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Journal of Child and Family Studies

, Volume 27, Issue 12, pp 3842–3852 | Cite as

Family Unpredictability and Psychological Distress in Early Adulthood: The Role of Family Closeness and Coping Mechanisms

  • Amy M. Kolak
  • Candace L. Van Wade
  • Lisa Thomson Ross
Original Paper
  • 191 Downloads

Abstract

Unpredictability within the family environment has been consistently linked to anxiety and depressive symptomology in early adulthood. The current investigation sought to examine how individual and family factors may serve to protect college students from the potentially detrimental effects of growing up with family chaos. A multi-dimensional survey, including measures assessing family unpredictability, coping behavior, anxiety, and depressive symptoms, was administered to 260 (68% female) undergraduate college students. A series of regression models found mediating and moderating effects: the relationship between family unpredictability and psychological distress was explained in part by less family closeness, and this was especially true among students who engaged in more emotion-focused coping. Individuals who used less emotion-focused coping did not appear to suffer from psychological distress associated with family unpredictability. Conversely, task-focused coping did not moderate the association between family unpredictability and psychological distress; yet, individuals who used more task-focused coping, in general, experienced less distress. These findings could be used to inform intervention efforts targeted at improving parenting and caregiving practices as well as the development of campus programs aimed at improving students’ coping strategies.

Keywords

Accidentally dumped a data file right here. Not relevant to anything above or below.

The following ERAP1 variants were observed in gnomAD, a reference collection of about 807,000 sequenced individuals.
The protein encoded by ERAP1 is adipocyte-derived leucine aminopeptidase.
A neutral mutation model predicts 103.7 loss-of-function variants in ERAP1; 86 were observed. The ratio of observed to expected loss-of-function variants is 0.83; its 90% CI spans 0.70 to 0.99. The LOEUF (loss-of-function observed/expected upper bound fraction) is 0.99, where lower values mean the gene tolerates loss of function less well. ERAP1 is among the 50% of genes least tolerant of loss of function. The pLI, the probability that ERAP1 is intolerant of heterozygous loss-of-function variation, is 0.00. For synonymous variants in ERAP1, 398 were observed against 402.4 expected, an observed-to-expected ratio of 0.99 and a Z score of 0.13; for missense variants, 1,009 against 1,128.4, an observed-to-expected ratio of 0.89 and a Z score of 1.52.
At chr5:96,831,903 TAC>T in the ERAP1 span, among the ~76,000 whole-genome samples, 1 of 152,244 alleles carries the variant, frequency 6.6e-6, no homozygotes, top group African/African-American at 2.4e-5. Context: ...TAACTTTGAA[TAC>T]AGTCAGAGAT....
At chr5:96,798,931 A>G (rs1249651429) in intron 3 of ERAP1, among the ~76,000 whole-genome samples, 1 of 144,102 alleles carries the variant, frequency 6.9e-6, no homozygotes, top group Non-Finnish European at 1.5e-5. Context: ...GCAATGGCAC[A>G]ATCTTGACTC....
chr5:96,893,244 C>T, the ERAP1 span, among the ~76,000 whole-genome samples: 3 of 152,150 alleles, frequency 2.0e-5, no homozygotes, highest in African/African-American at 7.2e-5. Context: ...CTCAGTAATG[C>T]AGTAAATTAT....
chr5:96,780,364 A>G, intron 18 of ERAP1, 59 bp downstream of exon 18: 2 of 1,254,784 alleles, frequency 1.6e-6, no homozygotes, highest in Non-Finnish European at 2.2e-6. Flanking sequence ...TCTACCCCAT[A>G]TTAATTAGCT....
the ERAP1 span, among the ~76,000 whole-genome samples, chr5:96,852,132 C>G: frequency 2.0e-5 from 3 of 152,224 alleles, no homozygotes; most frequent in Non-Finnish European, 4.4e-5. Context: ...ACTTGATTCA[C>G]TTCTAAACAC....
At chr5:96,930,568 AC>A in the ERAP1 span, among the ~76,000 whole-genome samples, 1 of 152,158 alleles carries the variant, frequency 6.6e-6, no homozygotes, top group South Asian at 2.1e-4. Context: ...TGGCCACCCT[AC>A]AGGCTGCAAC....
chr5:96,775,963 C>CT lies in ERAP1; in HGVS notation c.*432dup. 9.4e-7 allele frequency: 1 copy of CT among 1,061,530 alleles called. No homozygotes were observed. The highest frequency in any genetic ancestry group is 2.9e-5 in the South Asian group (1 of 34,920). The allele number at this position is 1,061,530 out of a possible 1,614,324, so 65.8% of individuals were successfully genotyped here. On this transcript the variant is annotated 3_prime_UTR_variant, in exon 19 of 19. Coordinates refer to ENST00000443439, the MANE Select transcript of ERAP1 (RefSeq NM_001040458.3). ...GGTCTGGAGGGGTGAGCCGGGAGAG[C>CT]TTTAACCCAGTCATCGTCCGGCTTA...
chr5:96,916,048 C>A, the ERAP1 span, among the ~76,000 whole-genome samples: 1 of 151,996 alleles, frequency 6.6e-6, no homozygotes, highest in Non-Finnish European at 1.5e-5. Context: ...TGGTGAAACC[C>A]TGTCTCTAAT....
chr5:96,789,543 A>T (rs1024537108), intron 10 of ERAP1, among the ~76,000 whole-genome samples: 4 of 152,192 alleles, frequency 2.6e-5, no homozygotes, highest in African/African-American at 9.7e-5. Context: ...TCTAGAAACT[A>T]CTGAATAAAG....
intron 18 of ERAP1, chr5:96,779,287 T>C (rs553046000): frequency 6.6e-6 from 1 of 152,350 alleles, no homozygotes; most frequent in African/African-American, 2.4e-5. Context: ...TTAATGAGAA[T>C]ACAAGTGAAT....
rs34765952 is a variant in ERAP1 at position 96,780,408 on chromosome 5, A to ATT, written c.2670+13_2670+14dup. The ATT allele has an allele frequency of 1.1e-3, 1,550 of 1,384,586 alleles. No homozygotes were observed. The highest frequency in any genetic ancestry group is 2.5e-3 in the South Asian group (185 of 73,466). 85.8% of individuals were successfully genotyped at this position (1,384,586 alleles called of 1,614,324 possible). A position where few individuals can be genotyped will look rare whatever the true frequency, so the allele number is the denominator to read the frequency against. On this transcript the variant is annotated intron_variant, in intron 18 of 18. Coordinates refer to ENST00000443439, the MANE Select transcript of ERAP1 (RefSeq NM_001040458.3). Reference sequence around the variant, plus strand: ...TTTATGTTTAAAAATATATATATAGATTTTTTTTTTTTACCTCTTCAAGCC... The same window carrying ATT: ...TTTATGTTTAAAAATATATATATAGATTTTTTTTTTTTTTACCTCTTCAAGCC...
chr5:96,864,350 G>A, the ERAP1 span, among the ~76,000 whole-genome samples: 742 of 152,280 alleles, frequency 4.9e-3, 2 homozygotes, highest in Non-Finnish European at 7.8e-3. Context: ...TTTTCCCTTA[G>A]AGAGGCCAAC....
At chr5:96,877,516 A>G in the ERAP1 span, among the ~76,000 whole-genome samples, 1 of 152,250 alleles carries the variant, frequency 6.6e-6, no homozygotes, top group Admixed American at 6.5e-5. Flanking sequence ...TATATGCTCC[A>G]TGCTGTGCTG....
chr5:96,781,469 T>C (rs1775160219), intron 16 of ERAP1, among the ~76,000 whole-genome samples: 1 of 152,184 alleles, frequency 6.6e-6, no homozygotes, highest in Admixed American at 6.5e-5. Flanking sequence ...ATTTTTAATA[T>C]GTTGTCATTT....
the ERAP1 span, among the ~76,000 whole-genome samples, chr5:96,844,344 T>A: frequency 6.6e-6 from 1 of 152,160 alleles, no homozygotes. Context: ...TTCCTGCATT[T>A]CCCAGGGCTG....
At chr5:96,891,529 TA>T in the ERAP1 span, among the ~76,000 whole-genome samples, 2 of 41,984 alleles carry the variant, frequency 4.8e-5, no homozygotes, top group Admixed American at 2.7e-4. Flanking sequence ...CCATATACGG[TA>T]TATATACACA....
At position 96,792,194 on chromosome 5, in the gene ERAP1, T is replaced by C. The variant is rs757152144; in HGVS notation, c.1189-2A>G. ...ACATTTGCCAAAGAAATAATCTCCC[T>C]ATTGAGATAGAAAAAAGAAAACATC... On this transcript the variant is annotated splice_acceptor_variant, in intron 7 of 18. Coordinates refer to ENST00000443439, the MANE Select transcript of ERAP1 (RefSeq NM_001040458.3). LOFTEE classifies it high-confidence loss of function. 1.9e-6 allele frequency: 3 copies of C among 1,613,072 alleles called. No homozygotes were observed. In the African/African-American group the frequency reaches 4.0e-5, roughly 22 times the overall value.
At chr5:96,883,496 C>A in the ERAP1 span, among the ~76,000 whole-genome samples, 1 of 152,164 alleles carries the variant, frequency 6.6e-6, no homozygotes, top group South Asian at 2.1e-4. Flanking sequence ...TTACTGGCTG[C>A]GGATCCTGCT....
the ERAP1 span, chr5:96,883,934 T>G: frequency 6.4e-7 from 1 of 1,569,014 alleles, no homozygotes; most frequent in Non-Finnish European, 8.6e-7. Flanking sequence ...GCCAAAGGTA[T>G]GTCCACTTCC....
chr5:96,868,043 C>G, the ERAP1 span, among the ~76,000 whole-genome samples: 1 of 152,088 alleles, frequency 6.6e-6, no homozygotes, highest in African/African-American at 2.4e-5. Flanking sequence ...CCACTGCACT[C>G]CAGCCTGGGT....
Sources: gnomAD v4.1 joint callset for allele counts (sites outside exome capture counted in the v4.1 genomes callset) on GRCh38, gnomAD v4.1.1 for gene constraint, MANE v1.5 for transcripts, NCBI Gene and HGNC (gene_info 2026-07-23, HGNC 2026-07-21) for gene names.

College students Family unpredictability Anxiety Depression Coping 

Notes

Acknowledgements

This research was supported by funding from the Humanities and Social Sciences Dean’s Discretionary Fund at the College of Charleston. We are grateful to the students who participated in the Family Dynamics Survey and the research assistants who assisted with data collection and entry, especially Dryden Epstein, Hayley Jackson, Emily Morgan, Samantha Rance, and Stephanie Ziegler.

Author Contributions

A.K.: designed and executed the study, conceptualized this paper, analyzed the data, and wrote the paper. C.V.: collaborated with A.K. on the conceptualization of the paper, analyzed the data, and wrote the paper. L.R.: designed and executed the study and collaborated in the writing and editing of the final manuscript.

Funding

This study was supported by funding from the Humanities and Social Sciences Dean’s Discretionary Fund at the authors’ institution.

Compliance with Ethical Standards

Conflict of Interest

The authors declare that they have no conflict of interest.

Ethical Approval

All procedures performed in studies involving human participants were in accordance with the ethical standards of the institutional and/or national research committee and with the 1964 Helsinki declaration and its later amendments or comparable ethical standards.

Informed Consent

Informed consent was obtained from all individual participants included in the study.

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Authors and Affiliations

  1. 1.Department of PsychologyCollege of CharlestonCharlestonUSA

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